The advent of costly capital calls for a progressive solution

The market volatility that followed the abrupt end to a decade of ultra-low interest rates has made it clear that interest rates are a major driver of equity market performance. Having been forced to adjust their valuations and growth expectations over the past year, investors need to assess how a structurally higher cost of capital will affect their portfolio strategies in the longer term.

With US interest rates at their highest for 16 years after a rapid succession of hikes, the billion-dollar question for equity investors is how the battle against persistently high inflation will affect corporate earnings and economic growth around the world.

Nearly two-thirds of investors see inflation and interest rates as the macroeconomic factors with the greatest bearing on stock market performance over the next 18 months, according to a new study commissioned by EquitiesFirst and carried out by Institutional Investor. The general consensus is that rate rises are at or close to peaking, but there is certainly room for more surprises.

While markets are looking for cuts to support a slowing economy, policymakers in the US and Europe have warned that interest rates are likely to remain elevated until at least 2024, given that inflation is still well above their target range.[1]

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The longer rates remain high, the more business and household borrowers will feel the squeeze from higher borrowing costs. This credit tightening has accelerated in recent months as lenders turn more cautious ahead of an expected recession and look to conserve their own liquidity. More than US$1.1 trillion of deposits have flowed out of US banks since the Fed began its hiking cycle in March 2022.[2]

Defaults on the rise

The EquitiesFirst study – which polled some 300 investment decision-makers across asset management firms, foundations, pension schemes and endowments – shows that the higher cost of capital is casting a cloud over investor sentiment.

Indeed, it could very well trigger the recession that the market has been predicting. Analysts at Deutsche Bank at the start of June argued that a wave of credit defaults is imminent, now that the combination of higher interest rates and tighter lending standards has put an end to a two-decade lending boom fueled by ultra-cheap money.[3] US high-yield bond defaults have risen to 2.1% from 1.1% last year, and loan defaults are up to 3.1% from 1.4% last year. The investment bank sees these peaking at 9% and 11.3%, respectively.[4]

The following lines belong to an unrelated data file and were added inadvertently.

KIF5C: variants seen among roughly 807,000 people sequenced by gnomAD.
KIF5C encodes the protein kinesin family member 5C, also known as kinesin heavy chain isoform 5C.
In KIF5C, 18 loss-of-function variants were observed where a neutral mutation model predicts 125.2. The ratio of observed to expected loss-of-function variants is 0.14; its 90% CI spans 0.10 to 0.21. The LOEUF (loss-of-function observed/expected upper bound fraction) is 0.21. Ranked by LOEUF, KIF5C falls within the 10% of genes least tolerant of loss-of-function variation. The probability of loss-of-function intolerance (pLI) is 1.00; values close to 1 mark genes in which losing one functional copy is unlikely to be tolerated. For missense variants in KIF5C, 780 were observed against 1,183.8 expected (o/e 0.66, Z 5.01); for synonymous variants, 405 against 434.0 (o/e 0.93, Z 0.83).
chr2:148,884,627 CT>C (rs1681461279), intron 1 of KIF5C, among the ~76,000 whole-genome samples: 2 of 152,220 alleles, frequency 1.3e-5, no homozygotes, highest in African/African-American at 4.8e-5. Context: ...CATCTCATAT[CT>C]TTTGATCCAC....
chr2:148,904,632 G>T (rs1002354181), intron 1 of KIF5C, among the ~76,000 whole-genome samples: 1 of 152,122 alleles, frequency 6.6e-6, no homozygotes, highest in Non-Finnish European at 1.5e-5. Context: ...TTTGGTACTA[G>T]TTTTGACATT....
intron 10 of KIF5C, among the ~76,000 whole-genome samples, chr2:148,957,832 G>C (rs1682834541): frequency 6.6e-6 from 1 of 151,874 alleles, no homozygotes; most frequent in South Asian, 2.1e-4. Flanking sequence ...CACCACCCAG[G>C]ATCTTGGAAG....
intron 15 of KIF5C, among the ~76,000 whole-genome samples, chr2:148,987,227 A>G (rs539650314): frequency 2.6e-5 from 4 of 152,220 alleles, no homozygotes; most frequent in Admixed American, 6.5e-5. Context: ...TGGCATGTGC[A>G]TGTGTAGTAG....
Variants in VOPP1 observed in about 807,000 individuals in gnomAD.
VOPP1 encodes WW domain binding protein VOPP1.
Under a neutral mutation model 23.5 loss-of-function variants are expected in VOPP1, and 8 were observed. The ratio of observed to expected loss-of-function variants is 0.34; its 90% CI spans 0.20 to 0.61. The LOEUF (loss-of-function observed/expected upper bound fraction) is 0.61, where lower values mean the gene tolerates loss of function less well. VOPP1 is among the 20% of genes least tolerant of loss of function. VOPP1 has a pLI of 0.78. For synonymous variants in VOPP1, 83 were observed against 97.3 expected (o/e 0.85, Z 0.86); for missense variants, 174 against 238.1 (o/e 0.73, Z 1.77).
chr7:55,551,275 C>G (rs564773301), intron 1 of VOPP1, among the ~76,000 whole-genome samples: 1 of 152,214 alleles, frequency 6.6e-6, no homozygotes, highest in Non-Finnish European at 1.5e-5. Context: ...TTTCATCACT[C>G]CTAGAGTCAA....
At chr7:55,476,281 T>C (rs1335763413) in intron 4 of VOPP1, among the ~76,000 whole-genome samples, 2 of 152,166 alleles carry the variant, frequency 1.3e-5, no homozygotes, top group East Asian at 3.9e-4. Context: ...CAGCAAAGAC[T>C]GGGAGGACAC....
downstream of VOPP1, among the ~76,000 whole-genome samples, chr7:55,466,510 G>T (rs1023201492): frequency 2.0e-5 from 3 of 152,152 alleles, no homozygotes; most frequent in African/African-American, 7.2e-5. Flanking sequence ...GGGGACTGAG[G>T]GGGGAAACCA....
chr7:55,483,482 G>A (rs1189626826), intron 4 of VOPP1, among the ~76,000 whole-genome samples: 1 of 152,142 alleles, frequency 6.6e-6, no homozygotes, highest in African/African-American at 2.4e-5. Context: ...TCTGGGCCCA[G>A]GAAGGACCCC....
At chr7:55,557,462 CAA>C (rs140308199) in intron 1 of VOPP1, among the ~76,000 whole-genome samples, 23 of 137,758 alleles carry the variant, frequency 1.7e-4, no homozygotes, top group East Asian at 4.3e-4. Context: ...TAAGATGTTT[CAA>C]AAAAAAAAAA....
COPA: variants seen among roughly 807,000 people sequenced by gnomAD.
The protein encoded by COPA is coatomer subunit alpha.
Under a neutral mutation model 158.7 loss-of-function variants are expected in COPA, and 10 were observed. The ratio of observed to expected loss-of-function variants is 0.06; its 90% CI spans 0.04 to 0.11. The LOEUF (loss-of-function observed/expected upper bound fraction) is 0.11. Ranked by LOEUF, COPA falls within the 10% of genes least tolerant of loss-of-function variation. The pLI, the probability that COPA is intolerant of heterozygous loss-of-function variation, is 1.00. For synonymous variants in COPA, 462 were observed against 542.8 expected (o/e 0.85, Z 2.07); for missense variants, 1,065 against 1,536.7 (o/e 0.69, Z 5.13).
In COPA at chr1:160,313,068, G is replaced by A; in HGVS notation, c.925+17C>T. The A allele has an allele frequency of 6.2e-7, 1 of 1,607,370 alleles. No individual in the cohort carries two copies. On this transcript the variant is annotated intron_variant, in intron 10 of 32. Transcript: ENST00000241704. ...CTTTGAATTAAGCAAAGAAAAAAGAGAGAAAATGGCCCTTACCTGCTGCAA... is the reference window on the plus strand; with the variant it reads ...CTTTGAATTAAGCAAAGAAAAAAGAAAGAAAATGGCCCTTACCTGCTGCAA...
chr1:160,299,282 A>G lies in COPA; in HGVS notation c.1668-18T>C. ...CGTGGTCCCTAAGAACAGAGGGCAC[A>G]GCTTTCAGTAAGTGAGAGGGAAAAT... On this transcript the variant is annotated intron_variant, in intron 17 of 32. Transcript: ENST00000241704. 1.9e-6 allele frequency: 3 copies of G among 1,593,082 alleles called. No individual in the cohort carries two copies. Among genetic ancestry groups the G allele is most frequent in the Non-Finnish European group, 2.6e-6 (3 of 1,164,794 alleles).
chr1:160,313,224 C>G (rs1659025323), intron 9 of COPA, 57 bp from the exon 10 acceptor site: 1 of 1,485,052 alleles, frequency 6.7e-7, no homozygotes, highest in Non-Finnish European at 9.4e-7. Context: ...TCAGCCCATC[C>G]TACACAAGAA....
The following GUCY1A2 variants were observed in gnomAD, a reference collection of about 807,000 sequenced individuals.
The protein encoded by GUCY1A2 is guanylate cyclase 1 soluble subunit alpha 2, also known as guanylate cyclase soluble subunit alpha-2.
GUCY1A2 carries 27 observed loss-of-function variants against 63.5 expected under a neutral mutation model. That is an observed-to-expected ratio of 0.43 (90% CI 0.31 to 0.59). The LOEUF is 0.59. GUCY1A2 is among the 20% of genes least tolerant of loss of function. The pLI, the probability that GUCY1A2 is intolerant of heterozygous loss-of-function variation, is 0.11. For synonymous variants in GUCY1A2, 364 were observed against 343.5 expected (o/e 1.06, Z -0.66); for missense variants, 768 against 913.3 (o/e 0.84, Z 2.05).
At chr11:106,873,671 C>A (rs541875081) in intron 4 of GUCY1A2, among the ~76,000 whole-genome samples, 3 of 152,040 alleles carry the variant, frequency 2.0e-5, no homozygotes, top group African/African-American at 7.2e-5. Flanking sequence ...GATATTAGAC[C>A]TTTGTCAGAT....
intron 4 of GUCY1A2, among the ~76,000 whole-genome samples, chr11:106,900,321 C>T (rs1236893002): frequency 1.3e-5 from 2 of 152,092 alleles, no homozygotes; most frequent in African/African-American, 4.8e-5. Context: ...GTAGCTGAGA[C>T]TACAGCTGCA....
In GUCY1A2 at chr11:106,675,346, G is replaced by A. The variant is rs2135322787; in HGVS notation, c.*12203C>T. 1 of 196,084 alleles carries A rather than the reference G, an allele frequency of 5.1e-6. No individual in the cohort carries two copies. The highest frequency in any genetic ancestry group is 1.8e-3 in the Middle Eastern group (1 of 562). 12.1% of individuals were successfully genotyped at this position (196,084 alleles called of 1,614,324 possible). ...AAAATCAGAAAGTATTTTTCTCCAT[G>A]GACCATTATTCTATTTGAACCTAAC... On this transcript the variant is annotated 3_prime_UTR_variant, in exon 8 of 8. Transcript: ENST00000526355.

When interest rates were close to zero, even financially stressed firms were able to raise debt and equity capital to continue operating. Now these companies – along with those that are relatively healthy but highly leveraged – may be unable to refinance maturing debt. Accordingly, the number of US businesses filing for bankruptcy is rising fast.[5]

The housing market, meanwhile, could be another casualty of the sharp rise in capital costs, with home prices tipped by some to fall as much as 10-15% this year.[6] Pricier mortgages mean not only that property owners may struggle to repay their debt but also have less disposable income to spend on other things.

All this could wreak havoc on financial markets, especially if leveraged positions need to be unwound quickly, giving investors plenty to think about for the rest of 2023.

Those who choose to stay invested in public markets are also facing higher margin costs and persistent volatility, while bargain-hunters will find it harder to access the capital they need to fund their purchases.

Tackling the capital crunch

With traditional lenders beating a hasty retreat, many borrowers are turning to private credit –financing from non-bank institutions such as asset managers or pension funds.

As investors have been increasing their allocations to private markets generally in recent years, private credit has become one of the fastest-growing asset classes. Private credit assets under management globally surged from US$342 billion in 2011 to US$1.4 trillion last year[7] and are expected to reach US$2.3 trillion by 2027.

Among the various forms of private credit, securities-backed financing is particularly well suited to today’s more volatile and uncertain market conditions. It typically offers lower borrowing costs than unsecured borrowing, and it is flexible, as virtually any asset – from stocks to cryptocurrencies to real estate – can serve as collateral for funding.

Although loans need to be structured carefully, in general risks are limited by the ability of lenders to recover their collateral, allowing them to offer highly competitive terms and rates.

EquitiesFirst has a 20-year track record in providing such financing – which we call ‘progressive capital’. As partners to long-term shareholders, we offer low-cost, flexible funding to help investors pursue new opportunities while maintaining the upside potential from their underlying holdings.

There are no clear answers to the big questions now facing equity investors, but there are clear opportunities for those who can act decisively in uncertain times and are willing to explore pioneering financing solutions.







[7] MAS, citing Preqin Pro:


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